Feast at Fall Oyster and Seafood Festivals

With fall in full swing, so is oyster festival season in the Tar Heel State. Though each oyster-oriented festival has its own character, they all typically offer music, contests involving oysters, food and beverage vendors, and lots of oysters for sale in various forms. Steaming buckets of the tasty bivalves are the most typical festival fare, but the oyster is often celebrated raw, fried and in rich stews, as well.

North Carolina Oyster Festival

Considered the mollusk mother lode, with more than 30,000 fans of the almighty oyster typically in attendance, the North Carolina Oyster Festival on Ocean Isle Beach has something for everyone. Celebrating 38 years of bivalve heaven, this mid-October festival (Oct. 20-21, 2018) includes the North Carolina Oyster Shucking Championships (an official route to the national tournament), an oyster stew cook-off, live entertainment, arts and crafts vendors, a bustling kids' area, many varied food and beverage booths, shag competition, and – of course – lots of freshly steamed oysters for sale.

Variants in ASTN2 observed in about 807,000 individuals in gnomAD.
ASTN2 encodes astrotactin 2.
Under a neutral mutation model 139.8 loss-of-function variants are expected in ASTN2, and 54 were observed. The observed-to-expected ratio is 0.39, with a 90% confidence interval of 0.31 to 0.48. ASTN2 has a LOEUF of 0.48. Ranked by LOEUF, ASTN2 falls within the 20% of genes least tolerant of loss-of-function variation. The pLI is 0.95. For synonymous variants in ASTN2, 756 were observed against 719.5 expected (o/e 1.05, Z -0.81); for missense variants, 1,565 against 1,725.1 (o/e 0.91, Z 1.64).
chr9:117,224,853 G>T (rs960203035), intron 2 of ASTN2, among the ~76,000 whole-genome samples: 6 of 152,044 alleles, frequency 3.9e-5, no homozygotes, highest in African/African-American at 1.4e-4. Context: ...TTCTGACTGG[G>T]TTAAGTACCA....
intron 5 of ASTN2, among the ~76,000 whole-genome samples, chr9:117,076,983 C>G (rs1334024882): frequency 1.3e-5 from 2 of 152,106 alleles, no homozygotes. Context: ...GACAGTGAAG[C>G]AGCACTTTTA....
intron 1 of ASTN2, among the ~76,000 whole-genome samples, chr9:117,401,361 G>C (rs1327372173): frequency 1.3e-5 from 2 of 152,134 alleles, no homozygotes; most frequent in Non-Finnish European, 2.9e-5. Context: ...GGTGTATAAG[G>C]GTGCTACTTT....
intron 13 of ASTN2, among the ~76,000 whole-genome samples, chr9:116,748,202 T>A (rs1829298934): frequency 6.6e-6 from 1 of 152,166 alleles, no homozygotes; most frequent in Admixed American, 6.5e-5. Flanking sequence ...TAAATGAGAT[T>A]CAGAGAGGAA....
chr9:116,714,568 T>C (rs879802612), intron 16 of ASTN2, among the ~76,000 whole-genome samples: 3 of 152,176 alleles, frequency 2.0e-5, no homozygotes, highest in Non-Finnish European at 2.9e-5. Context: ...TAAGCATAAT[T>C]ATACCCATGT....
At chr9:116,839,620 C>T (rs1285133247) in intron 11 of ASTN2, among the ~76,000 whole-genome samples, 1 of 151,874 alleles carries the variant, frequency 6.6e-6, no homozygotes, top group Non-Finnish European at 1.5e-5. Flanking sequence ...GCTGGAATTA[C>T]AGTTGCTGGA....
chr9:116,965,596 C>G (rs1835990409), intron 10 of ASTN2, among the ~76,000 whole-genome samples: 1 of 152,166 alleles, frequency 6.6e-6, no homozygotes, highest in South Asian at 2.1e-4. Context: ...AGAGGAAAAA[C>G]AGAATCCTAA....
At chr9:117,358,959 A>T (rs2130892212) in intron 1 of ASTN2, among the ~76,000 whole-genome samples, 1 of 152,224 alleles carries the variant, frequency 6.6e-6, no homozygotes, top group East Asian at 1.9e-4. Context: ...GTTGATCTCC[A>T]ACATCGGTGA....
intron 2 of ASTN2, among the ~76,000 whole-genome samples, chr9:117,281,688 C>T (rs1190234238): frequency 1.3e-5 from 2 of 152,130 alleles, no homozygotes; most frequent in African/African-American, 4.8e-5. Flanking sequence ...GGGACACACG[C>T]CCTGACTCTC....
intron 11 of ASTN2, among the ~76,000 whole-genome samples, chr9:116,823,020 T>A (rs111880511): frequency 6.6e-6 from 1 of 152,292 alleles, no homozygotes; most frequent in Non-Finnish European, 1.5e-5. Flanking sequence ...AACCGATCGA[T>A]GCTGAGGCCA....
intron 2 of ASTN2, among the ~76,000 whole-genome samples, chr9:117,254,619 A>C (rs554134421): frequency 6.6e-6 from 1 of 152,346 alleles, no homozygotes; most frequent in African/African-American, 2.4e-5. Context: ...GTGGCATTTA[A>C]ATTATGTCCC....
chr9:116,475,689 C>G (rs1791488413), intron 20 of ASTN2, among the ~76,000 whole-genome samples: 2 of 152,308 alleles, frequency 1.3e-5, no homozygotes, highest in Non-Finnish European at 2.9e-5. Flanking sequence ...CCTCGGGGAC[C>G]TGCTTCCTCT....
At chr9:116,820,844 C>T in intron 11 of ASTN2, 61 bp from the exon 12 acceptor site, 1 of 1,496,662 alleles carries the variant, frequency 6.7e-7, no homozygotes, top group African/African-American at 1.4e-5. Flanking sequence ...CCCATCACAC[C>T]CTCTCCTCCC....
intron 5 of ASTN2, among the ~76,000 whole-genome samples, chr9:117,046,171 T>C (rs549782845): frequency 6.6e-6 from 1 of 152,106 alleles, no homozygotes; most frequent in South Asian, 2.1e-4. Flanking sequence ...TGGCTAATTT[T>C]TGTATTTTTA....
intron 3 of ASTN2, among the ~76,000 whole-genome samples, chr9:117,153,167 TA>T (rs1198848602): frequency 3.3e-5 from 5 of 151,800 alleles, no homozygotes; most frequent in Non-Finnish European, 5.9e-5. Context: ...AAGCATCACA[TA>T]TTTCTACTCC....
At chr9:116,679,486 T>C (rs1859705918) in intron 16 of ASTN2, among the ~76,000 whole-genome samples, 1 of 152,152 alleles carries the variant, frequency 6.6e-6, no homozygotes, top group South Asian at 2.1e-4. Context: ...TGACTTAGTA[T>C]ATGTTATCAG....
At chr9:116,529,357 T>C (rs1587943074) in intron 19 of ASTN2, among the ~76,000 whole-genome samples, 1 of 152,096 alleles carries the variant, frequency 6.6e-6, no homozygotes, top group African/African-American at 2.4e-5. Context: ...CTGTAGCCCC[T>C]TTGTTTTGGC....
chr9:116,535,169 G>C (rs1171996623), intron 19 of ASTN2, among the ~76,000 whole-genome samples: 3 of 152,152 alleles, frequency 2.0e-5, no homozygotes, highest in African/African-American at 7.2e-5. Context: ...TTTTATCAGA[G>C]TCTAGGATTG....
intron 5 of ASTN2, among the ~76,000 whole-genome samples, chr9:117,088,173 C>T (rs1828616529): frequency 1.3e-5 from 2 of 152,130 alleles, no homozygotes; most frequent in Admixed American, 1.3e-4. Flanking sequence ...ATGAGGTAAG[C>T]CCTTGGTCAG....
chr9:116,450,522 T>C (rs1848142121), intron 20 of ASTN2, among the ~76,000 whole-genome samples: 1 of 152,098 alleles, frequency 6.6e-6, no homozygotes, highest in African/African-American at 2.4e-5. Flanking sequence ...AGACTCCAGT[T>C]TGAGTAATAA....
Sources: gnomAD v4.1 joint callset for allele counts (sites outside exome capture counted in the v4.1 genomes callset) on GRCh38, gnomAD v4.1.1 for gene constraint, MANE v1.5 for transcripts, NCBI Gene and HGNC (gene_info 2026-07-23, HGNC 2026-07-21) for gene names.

photo: Brunswick County TDA

There are several other oyster festivals in our state, with the possibilities including:

Though these options may not boast the sheer size of the North Carolina Oyster Festival, the oysters will most assuredly taste just as good raw, steamed, fried or however you like your ode to oysters.

Though not specifically oysters, seafood is also the star at these festivals:

Foodies who see beyond strictly seafood will want to take a bigger bite out of North Carolina with peach parties, watermelon festivals, sweet potato soirees, pig pickings, catfish fries and many more tasty possibilities in all four seasons.

The 32nd annual North Carolina Seafood Festival, originally scheduled for Oct. 5-7, 2018, has been canceled this year due to damage the area sustained from Hurricane Florence.

Updated October 30, 2018
About the Author
Cele and Lynn Seldon

Cele and Lynn Seldon

Cele and Lynn Seldon are currently #midfiftiesgypsies, but they miss the sunsets and walks on the beach in Oak Island, where they basked in the North Carolina sunshine for 15 years.

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